TEN RULES FOR THE POULTRY BEGINNER. 1. Properly locate your plant and I decide upon the number of layers to keep. U. Decide upon the breed of chick ens to be kept and select a breeder from which to get your foundation stock. o. Decide whether you will start with hens, hatching eggs, or chicks. 4, Determine the manner of brood ing your chicks; select your equip ment and the style of house you in tend to install it in. 5. Determiue the schedule and ra tion for feeding the chicks. d. Decide how you will protect your baby chicks from their enemies—rats, cats, dogs, inclement weather. 7. Determine the method and equip- ; ment necessary to raise successfully to the laying age the chicks after they have passed the brooding stage. 8. Determine the style of laying house aud general arrangement. 9. Settle upon the feeding ration for layers aud the schedule for working It. 10. Solve the problem of the selling end—how to market your product at a profitable margin above cost. The memory of good ...
Advertising [Newspaper Article] — Nagambie Times — 25 December 1914
FOli THE L1VEK. People who sufTer from liver dis orders will liud the following letters very interesting From Mrs. Ellen Waters, Forest Kange, South Australia. "Twenty years ago I was very ill. I could not keep my food down, not even a drink of water. I was bad like this for nearly three months. The doetor tnade me wean my child, as he said that I had abscesses on my liver and that I would have to have them cut out. I was in the hospital at the time. The doctor told me to take my baby home and come back again. I had about 18 miles to travel by coach, and some kind woman in the coach told me of Warner's Safe Cure. She asked me to try it before I went back to the hospital. 1 did so. I took three bottles, and, thank God, I never had to be cut about by any doctor, and have never suffered in the same way since." From Mr. .f. Maddern, 57 Osborne street, Williamstown, Victoria. "Some time ago I was attackod with a pain under my shoulder blades, extending thence to the back of my neck nnd h...
ADVANTAGES OF THE SILO. [Newspaper Article] — Nagambie Times — 25 December 1914
ADVANTAGES OF THE SILO. Silage keeps young stock thrifty and growing all winter. It enables cows to produce milk and butter more economically. Silage is more conveniently handled than dry fodder. The silo prevents waste of maize, which contain about one-third the food value of their entire crop. There are no aggravating maize stalks in the manure when silage is fed. The silo will make palatable food of ytuff that would not otherwise be eaten. It enables a larger number of ani j mals to be maintained on a given i number of acres. It enables the farmer to preserve food which matures at a rainy time of the year, when drying would be next to impossible. , It is the most economical method of supplying food for the slock dur ing the hot dry periods in summer when the pasture is short.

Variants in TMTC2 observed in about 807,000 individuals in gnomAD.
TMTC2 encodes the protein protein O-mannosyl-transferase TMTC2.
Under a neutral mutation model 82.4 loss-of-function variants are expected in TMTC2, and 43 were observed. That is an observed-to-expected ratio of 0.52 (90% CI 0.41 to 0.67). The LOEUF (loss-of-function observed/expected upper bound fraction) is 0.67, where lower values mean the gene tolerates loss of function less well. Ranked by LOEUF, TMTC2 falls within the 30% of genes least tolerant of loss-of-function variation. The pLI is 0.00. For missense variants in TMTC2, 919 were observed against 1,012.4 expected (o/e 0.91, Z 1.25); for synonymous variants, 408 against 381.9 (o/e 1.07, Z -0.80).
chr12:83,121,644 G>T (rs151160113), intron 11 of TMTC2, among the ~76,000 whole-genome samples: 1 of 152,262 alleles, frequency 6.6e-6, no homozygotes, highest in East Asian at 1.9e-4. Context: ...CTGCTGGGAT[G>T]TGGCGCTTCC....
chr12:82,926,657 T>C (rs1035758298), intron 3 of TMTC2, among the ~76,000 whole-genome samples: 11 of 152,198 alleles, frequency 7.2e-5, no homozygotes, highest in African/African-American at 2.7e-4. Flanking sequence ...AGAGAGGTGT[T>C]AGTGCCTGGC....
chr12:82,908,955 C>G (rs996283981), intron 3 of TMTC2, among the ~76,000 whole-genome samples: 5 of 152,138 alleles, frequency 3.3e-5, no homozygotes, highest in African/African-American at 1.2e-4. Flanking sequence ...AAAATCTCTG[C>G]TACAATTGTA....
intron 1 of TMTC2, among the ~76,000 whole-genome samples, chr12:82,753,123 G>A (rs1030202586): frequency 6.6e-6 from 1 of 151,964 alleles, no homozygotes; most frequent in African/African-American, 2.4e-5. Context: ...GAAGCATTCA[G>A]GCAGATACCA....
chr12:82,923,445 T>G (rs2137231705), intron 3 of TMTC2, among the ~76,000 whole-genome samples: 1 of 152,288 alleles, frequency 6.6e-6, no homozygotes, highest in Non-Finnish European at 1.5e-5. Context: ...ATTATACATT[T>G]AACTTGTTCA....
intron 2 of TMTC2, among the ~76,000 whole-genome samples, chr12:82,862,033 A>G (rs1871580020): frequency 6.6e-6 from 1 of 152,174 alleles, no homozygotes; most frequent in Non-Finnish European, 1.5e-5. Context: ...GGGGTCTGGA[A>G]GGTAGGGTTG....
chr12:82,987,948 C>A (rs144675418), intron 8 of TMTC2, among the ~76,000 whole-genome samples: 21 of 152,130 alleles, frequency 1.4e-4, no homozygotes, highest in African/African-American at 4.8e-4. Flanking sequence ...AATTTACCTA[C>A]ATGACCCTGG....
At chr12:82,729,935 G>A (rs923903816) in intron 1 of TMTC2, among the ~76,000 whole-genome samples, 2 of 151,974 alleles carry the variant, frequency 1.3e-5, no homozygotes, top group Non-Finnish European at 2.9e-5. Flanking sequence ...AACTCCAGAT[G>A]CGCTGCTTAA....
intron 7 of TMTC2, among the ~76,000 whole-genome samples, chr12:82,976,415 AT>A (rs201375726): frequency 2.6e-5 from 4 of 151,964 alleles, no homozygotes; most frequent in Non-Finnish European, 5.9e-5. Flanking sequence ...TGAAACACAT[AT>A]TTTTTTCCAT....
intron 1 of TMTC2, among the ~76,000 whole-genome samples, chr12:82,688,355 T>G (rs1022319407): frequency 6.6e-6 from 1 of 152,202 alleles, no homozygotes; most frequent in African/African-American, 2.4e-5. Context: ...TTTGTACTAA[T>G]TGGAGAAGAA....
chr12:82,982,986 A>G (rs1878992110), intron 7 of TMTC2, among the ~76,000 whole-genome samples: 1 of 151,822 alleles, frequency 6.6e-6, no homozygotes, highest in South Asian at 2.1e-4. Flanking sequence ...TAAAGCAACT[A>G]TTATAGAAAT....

The Ruling Instinct. [Newspaper Article] — Nagambie Times — 25 December 1914
The Ruling Instinct. An eminent astronomer, iu - the course of a lecture, tjpoke of a certain star that looked do bigger tb&u a threepeuny-bit a hundred miles away. After the discourse one of the audi ence said to him, "I know you for a Scotsman, for uo ono but a Scotsman would trouble about a threepenny-bit a hundred miles off!".
LUCKY WINDFALLS. Large Rewarde for Small Services. [Newspaper Article] — Nagambie Times — 25 December 1914
LUfcKY WINDFALLS. Large Rcwnrdo for Small Services. Some little time ago the Quinlan Grand Opera Company landed 3n Mel bourne to commence a tour through the States of the Commonwealth. The horn-player was .Mr. William Rusbv, formerly a soldier in the British Army. It seems that ten yearn ago .Mr. Mushy rescued from drowning a child who had fallen over Chelsea bridge. The father of the child hand ed him ten pounds, and said, "You will hear from me later." The Koyal Humane Society also awarded Mr. Busby its medal for ho gallant a res cue. When Die company stepped awhor" at Melbourne a cable message was awaiting Mr. Busby. it. inform ed him that the father of the rescued child had died and left him When the news was communicated to the other members 'of the com pany they gathered round the musi cian and gave him three hearty cheers. A Xantwieh shoenn. or and dogger named George Robinson had a wind fall as the sequel of an incident which occurred twelve years ago. He was then a journeym...
THE WORLD. [Newspaper Article] — Nagambie Times — 25 December 1914